I think the risk management community is getting a lot better at utilizing big data and analytics to manage risk. Significant improvements have been made, but there is still much more room for improvement.

R&I: What could the risk management community be doing a better job of?

I think that the insurance and brokerage communities need to really start thinking about what this industry is going to look like in 10 years. They need to start addressing how they are going to remain relevant. I think that major disruptions to existing business models will occur and that these disruptions combined with innovation and technological advances may catch many of today’s industry leaders by surprise.

David Cammarata, assistant treasurer, risk management and insurance, Verizon Communications Inc.

R&I: What was the best location and year for the RIMS conference and why?

San Diego, any year.

R&I: What’s been the biggest change in the risk management and insurance industry since you’ve been in it?

I think the advent of cyber risk and cyber insurance. For several years it has been, and it continues to be, the main topic of discussion at industry meetings.

R&I: What emerging commercial risk most concerns you?

Advertisement




Advertisement




I think the most scary scenarios include a nuclear, biological, chemical or radiological event, a widespread global health epidemic and/or a widespread state sponsored cyber shutdown.

R&I: How much business do you do direct versus going through a broker?

We do almost all of our business through a broker.

R&I: Is the contingent commission controversy overblown?

No. It’s a conflict.

R&I: Are you optimistic about the U.S. economy or pessimistic and why?

Optimistic because hopefully President Trump’s policies (lower taxes and less regulation) will be pro-business and good for the economy.

R&I: Who is your mentor and why?

My dad, who passed away many years ago. He was very influential during the formative years of my career. He taught me how important integrity and reputation were to your brand and he had a very strong work ethic.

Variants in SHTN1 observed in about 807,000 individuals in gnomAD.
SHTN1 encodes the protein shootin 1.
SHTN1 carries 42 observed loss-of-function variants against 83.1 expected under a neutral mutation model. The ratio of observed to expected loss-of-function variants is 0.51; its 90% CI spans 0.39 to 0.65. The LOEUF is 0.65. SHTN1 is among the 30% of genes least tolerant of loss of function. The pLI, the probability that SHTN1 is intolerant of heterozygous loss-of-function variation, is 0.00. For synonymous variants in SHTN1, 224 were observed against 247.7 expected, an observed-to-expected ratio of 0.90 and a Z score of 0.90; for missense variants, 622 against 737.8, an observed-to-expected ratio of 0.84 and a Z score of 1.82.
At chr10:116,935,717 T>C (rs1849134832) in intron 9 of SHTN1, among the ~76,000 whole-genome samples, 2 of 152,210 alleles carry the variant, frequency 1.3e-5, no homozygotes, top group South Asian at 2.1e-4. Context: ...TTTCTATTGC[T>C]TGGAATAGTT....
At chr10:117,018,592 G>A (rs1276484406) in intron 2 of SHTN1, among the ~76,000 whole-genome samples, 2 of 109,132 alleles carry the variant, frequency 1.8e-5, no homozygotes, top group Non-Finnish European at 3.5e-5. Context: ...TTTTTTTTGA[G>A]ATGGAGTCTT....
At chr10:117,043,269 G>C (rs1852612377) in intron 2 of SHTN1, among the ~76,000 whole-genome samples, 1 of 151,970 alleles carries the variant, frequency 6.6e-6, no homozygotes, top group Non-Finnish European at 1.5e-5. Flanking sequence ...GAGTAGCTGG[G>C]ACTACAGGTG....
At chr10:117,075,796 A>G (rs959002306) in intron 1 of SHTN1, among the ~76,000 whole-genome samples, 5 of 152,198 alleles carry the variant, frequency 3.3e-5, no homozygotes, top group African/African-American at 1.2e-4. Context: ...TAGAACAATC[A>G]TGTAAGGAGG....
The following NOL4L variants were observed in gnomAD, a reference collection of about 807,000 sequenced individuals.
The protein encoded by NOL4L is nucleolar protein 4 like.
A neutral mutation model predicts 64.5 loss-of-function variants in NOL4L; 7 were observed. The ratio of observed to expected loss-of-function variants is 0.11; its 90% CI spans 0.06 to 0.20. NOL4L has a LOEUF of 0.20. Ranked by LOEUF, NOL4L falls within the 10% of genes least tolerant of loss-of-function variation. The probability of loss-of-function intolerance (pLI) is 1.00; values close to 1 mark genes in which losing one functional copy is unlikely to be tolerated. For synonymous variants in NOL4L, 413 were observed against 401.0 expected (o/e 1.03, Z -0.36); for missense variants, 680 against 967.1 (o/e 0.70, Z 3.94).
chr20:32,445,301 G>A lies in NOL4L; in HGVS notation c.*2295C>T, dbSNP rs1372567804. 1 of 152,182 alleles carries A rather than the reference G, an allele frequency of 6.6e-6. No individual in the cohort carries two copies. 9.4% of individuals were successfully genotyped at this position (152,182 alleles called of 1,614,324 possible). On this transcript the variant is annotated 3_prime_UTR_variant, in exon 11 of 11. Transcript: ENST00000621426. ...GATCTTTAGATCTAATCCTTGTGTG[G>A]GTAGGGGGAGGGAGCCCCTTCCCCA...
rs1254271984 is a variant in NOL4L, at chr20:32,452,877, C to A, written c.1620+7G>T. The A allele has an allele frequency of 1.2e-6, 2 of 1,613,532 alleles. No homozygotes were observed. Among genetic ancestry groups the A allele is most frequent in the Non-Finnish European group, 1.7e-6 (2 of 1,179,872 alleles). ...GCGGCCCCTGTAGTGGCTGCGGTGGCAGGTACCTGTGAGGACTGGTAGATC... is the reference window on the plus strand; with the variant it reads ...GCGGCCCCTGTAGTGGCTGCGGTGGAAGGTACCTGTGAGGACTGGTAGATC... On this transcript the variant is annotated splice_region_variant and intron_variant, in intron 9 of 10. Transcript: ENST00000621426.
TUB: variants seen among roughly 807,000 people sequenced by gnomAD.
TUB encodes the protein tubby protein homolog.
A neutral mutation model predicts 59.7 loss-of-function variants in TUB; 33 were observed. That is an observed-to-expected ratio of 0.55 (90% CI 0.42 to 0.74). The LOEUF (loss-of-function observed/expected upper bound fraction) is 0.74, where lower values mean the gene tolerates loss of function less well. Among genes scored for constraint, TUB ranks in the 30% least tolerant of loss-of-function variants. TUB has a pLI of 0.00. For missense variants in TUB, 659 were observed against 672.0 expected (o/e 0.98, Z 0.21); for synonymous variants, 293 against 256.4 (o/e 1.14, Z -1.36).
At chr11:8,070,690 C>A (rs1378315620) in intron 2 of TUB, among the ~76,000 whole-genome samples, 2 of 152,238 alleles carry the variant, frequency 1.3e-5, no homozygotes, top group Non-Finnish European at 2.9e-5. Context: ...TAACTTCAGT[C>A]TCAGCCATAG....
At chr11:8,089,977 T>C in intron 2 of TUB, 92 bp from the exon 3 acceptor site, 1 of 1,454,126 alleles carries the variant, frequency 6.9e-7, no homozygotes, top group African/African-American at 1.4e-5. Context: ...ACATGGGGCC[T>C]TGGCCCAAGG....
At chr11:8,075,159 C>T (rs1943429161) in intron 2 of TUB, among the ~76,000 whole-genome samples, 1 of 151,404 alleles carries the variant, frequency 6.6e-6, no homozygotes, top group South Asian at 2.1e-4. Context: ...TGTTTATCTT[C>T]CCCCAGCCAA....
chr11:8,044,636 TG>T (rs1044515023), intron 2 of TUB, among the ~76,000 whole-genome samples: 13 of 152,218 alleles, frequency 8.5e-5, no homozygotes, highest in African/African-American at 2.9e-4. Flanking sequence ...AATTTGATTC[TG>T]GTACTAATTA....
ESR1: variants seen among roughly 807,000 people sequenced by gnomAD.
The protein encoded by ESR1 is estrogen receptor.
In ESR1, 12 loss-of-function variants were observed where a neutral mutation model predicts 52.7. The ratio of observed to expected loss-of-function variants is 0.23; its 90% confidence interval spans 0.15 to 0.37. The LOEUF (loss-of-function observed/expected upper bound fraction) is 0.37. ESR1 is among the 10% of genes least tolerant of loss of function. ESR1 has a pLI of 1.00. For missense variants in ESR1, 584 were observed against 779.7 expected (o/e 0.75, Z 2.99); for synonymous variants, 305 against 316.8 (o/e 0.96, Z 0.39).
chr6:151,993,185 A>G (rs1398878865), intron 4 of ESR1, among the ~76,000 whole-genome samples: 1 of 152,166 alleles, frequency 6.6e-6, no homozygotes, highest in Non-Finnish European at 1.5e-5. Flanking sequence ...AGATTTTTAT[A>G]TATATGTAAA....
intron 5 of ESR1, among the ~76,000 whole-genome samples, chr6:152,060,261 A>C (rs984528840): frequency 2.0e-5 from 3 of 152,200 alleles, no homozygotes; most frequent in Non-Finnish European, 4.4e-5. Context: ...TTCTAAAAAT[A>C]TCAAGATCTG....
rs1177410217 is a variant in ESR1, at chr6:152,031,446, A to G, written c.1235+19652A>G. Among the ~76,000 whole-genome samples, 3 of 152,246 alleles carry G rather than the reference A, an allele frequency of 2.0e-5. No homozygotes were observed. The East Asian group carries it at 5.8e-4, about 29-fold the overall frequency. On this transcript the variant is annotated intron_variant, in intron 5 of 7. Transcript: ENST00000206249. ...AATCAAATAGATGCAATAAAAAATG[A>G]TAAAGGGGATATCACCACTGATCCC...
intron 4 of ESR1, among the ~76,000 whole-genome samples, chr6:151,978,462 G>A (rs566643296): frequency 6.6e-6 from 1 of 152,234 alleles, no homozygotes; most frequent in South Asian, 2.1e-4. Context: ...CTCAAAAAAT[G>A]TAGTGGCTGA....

R&I: What have you accomplished that you are proudest of?

I would have to say raising two awesome kids. My daughter is graduating from James Madison University this year as co-valedictorian. My son is finishing his sophomore year at Rutgers and has near perfect grades. But more importantly, both of my kids have turned out to be really good people.

R&I: How many emails do you get in a day?

A lot.

“I love it when the risk management organization is able to contribute in a way that makes a real impact to the corporation’s overall objectives. On several occasions we have been able to make real contributions to the bottom line.”

R&I: What is your favorite book or movie?

“My Cousin Vinny.” That movie makes me laugh no matter how many times I watch it.

R&I: What’s the best restaurant you’ve ever eaten at?

Advertisement




Advertisement




My dad used to take me to a place called Chick & Nello’s. It was an Italian place that did not have a menu. They came to your table and told you the two or three items they were making that day. The food was out of this world.

R&I: What is your favorite drink?

Iced tea. The non-alcoholic kind.

R&I: What is the most unusual/interesting place you have ever visited?

I can think of several places but for me it would be a tie between India and Italy. India just has such a different culture and way of life and Rome has breathtaking historical sites.

R&I: What is the riskiest activity you ever engaged in?

Well, one of the best thrill rides I’ve been on was Kingda Ka at Great Adventure. It feels risky but probably isn’t all that risky. I flew in a prop plane with my brother-in-law one time … that felt kind of risky. I have also parasailed, does that count? I think it definitely has to be driving on the N.J. Turnpike day in and day out.

R&I: If the world has a modern hero, who is it and why?

Advertisement




What about the Fukushima 50? I don’t think I could have done what they did.

R&I: What about this work do you find the most fulfilling or rewarding?

I love it when the risk management organization is able to contribute in a way that makes a real impact to the corporation’s overall objectives. On several occasions we have been able to make real contributions to the bottom line.

R&I: What do your friends and family think you do?

I don’t think they really know. My children see me as dad; others just see me as an executive with Verizon.




Katie Siegel is a staff writer at Risk & Insurance®. She can be reached at [email protected]